The 10,000 homes mortgage launched in 2014 by the Federal Government is good and welcome. Recent plans by the federal authorities of President Muhammadu Buhari  to adopt sustainable housing programme, promote alternative energy in projects, stimulate jobs for the low income earners and partner state governments in the process of housing provision is also laudable. With the new housing policy, the federal government will employ Lagos housing model (Laghoms) by constructing 40 blocks of housing in each state and the Federal Capital Territory (FCT). Each state is expected to provide land of between 5-10 hectares for a start, with title documents, and access roads or in lieu of access roads, a commitment that they will build the access roads by the time the houses are completed.  This exercise will lead to potential delivery of 12 flats per block and 480 flats per state, and 17,760 flats nationwide. Human beings, generally by their nature, exhibit multi-territoriality. This means that the beneficiaries are definitely going to be those with one or two houses before. The number of flats to be delivered is also negligible and will not affect the graph of housing demand versus provision in Nigeria. Also, the Shehu Shagari era federal housing experience shows that some states may decide to donate disuse and bad land to make the scheme unpopular considering the adversary between states and federal governments in some areas. Most states are finding it difficult now to cope with infrastructure provision, especially payment of salaries and pension. They may therefore, not be able to provide infrastructures in the estates.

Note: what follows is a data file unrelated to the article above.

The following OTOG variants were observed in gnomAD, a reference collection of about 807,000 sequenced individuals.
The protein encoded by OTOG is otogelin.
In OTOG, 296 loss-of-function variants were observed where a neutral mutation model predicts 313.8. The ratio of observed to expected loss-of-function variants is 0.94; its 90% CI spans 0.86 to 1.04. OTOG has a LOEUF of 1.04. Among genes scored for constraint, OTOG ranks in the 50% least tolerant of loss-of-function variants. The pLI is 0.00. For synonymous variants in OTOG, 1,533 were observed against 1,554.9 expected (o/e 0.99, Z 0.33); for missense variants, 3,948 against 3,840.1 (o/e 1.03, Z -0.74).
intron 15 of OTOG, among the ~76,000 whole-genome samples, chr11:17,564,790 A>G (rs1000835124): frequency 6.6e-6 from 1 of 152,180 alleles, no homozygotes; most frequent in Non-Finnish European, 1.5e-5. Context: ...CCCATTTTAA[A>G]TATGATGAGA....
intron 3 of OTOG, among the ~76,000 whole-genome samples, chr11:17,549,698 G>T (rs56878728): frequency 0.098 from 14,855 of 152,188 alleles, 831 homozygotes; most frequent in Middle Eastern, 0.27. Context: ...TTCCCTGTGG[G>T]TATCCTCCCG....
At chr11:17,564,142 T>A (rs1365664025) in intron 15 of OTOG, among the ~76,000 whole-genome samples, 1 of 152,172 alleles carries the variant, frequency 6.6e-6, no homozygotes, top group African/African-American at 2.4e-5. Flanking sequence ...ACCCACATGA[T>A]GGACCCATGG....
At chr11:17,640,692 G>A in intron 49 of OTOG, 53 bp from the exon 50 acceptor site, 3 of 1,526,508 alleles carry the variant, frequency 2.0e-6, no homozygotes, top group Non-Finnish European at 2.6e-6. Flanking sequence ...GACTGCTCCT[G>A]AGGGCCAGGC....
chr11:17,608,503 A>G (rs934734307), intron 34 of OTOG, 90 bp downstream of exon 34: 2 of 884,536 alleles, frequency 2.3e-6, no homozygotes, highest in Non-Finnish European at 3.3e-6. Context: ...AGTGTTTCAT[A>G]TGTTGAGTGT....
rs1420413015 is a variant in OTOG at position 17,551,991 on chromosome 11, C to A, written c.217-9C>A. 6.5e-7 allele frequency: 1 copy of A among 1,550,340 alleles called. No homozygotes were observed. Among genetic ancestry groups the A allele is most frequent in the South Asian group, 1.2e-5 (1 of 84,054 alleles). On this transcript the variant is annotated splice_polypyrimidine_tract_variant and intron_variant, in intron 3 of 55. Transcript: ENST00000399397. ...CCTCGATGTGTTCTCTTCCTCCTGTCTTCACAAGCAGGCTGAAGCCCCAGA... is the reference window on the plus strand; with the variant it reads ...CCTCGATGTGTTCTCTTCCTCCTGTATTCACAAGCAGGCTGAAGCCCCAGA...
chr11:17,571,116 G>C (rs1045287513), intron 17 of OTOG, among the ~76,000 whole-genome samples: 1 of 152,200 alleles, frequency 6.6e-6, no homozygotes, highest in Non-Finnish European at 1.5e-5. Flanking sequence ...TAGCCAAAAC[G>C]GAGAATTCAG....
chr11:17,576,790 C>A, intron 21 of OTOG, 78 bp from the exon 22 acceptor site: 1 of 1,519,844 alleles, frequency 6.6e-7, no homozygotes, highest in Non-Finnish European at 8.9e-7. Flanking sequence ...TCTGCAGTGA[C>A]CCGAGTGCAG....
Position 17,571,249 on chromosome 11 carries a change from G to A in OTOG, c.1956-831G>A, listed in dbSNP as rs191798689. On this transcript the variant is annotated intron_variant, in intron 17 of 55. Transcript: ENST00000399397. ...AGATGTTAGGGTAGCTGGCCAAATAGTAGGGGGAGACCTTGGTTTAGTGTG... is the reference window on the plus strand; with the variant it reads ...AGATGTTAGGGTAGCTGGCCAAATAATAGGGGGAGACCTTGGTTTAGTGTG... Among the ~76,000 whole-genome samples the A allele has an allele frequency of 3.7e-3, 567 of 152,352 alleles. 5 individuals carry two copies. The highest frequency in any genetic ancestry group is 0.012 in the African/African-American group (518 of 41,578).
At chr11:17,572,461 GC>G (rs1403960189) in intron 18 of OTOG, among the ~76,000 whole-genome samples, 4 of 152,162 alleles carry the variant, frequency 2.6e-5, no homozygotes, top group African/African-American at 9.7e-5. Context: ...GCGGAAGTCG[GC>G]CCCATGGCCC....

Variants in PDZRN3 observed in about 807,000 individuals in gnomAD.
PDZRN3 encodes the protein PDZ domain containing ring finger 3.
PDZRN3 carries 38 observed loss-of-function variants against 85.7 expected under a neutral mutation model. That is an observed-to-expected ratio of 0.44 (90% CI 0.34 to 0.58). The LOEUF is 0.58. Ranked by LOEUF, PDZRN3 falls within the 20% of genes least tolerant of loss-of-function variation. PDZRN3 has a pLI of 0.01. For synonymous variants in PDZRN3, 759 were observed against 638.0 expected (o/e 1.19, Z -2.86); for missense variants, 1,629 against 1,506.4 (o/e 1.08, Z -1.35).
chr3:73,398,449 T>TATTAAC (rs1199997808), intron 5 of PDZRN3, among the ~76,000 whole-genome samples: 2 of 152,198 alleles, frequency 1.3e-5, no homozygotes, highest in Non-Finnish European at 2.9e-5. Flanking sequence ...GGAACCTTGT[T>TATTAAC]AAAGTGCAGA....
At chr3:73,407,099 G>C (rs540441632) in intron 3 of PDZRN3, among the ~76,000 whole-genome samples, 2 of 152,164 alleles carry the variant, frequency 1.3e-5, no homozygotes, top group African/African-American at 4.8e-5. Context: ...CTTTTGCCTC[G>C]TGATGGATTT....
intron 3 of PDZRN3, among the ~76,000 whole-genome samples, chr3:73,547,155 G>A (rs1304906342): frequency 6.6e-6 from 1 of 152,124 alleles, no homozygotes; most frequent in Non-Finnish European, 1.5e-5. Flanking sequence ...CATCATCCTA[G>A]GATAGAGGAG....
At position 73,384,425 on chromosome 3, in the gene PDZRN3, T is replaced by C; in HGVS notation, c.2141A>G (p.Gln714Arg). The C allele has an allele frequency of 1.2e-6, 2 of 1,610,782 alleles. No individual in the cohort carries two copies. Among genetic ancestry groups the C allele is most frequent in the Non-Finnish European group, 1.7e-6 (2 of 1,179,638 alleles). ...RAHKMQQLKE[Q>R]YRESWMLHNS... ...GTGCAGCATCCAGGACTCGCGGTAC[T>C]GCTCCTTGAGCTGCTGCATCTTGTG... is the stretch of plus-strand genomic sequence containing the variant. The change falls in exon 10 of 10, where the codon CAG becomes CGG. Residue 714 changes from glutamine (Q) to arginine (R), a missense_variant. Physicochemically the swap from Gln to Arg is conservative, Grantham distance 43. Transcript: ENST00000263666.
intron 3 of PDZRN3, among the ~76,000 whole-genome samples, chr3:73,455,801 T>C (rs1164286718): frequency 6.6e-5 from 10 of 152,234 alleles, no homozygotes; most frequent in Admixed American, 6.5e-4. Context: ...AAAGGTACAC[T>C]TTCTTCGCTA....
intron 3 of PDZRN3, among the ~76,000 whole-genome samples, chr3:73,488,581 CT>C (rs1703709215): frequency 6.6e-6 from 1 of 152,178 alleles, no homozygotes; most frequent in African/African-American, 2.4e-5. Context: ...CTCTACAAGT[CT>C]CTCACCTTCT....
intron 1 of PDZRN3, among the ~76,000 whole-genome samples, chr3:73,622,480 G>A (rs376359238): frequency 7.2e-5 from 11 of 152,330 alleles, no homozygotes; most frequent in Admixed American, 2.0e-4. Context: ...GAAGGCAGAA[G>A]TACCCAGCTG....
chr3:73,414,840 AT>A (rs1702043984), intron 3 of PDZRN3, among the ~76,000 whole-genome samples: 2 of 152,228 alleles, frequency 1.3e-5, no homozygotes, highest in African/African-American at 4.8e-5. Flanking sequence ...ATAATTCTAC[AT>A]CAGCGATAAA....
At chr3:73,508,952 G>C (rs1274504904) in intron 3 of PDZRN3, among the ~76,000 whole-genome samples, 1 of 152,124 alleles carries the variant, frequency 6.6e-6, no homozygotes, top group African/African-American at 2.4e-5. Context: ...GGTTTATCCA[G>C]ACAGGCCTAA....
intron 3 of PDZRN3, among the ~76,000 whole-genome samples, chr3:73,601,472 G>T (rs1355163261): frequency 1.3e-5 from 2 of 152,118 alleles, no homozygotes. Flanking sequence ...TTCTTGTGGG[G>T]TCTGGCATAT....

Government has no excuses for abdicating its duty of care for the downtrodden and the vulnerable in Nigeria. Oil subsidy can be eradicated and in its place should be social housing development and agricultural grants. It will go a long way if the governments can declare state of emergency in housing provision in Nigeria and provide minimum of 500,000 houses every year as social housing for the poor in our major cities.

Oyedele, a Housing professional wrote from Osogbo.